No Afghan combat and no House debate - 03-31-2010, 06:27 PM
Canadians firm on pulling out by end of the year
[The Globe and Mail]
No Afghan combat and no House debate
Foreign Affairs Minister Lawrence Cannon says there will be no debate in Parliament over Canada’s role in Afghanistan post-2011. This, as Michael Ignatieff’s Liberals are calling the Conservatives arrogant for conducting foreign policy over Canada’s airwaves. Again this morning, Mr. Cannon signaled in a television interview that his government is not willing to comply with any request for a parliamentary debate on the Afghan mission.
“We have made it clear that the military will not be [in Afghanistan] post-2011 and in that regard there is no need to have a debate in the House,” Mr. Cannon told CTV’s Canada AM.
“I don’t know how clear we can make this. … When we say there is no combat role for Canada post-2011 there is no combat role post 2011,” he said. “I have responded to this question on numerous occasions in the House of Commons.
“This is Canada’s firm [position] and we are not budging from it.”
His statement will certainly set up a fight in the Commons with the Opposition Liberals who want a say in what happens in Afghanistan once Canada’s military mission wraps up.
This potential battle was provoked by U.S. Secretary of State Hillary Clinton, who waded into the debate yesterday, telling CTV Power Play host Tom Clark that the Washington wants Canada to continue to play a role in Afghanistan post 2011.
As a result of her comments, Mr. Ignatieff has renewed his calls for a parliamentary debate and vote over any extension to Canada’s role. He said it was time for the government to come to Parliament with a proposition “we can evaluate.”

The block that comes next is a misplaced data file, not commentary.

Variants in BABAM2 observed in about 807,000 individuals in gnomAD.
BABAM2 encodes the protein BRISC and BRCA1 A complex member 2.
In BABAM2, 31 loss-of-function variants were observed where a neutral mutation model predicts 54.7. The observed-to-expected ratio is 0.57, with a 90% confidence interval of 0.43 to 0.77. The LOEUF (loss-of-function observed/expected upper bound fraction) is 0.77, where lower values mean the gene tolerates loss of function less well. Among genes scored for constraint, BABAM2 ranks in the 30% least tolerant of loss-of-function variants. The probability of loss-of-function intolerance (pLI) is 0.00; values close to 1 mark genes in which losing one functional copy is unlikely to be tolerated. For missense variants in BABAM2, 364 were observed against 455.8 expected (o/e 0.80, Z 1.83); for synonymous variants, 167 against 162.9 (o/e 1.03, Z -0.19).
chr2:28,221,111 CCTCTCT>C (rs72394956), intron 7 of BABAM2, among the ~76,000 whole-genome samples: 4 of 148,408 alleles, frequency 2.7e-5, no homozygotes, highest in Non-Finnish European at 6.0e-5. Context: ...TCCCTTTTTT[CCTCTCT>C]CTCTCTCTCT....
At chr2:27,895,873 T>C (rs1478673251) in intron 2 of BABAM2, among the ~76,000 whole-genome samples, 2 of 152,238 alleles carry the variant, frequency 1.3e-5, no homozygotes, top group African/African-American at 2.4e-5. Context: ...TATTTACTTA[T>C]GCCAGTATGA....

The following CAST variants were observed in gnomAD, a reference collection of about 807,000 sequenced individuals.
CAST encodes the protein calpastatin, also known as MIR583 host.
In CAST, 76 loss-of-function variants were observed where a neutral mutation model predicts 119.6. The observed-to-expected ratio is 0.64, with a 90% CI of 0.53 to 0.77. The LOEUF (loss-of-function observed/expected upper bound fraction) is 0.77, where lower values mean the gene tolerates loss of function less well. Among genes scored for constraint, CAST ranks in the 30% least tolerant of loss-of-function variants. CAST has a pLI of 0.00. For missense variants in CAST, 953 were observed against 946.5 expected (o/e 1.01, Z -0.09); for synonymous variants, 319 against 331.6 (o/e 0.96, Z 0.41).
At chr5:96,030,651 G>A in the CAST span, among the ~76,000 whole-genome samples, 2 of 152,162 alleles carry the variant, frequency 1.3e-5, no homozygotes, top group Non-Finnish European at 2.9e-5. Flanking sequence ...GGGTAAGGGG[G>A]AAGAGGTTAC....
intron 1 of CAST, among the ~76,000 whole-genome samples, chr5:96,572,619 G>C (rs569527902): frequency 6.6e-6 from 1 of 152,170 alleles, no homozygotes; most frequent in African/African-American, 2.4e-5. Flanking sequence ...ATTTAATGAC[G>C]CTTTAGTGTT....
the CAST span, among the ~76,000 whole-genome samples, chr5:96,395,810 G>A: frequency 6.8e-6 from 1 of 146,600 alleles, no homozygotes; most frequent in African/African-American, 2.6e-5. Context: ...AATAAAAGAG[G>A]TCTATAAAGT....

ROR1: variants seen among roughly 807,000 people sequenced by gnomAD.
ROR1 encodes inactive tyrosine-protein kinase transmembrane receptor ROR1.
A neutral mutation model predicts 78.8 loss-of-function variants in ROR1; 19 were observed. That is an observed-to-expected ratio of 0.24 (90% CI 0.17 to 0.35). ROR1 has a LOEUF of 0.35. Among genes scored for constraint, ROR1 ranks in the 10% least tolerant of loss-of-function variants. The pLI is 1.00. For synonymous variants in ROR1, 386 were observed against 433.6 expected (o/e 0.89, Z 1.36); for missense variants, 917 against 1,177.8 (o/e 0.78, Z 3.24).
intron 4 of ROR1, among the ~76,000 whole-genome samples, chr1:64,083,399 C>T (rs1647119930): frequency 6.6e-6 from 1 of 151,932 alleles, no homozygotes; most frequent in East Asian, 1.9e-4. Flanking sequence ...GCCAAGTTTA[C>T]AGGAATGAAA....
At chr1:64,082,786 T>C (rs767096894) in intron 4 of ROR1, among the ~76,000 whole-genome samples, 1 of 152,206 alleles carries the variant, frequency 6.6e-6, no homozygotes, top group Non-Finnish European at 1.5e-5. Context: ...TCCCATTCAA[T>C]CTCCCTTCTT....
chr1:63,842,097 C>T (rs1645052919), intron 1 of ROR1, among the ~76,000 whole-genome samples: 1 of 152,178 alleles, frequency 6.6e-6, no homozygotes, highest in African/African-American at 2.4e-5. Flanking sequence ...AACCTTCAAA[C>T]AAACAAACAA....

This morning, an Ignatieff official said the Foreign Affairs Minister was denying any request had been made by the Americans just late last week.
“Canadians should not have to watch the news to learn, from the U.S. Secretary of State, that the U.S. has made a request to Canada to extend its mission,” the official said.
“Don’t get me wrong, it was great for CTV to get an exclusive interview with Hillary Clinton, and we know that when she’s asked a question, she answers.
“But it also shows the arrogance of Stephen Harper. These issues should be debated in Parliament, not through news shows or photo-ops,” the official said.
Prime Minister Stephen Harper is to meet with Mrs. Clinton this morning and the issue will be likely raised again.
He says, "Son, can you play me a memory
I'm not really sure how it goes
But it's sad and it's sweet and I knew it complete
When I wore a younger man's clothes."
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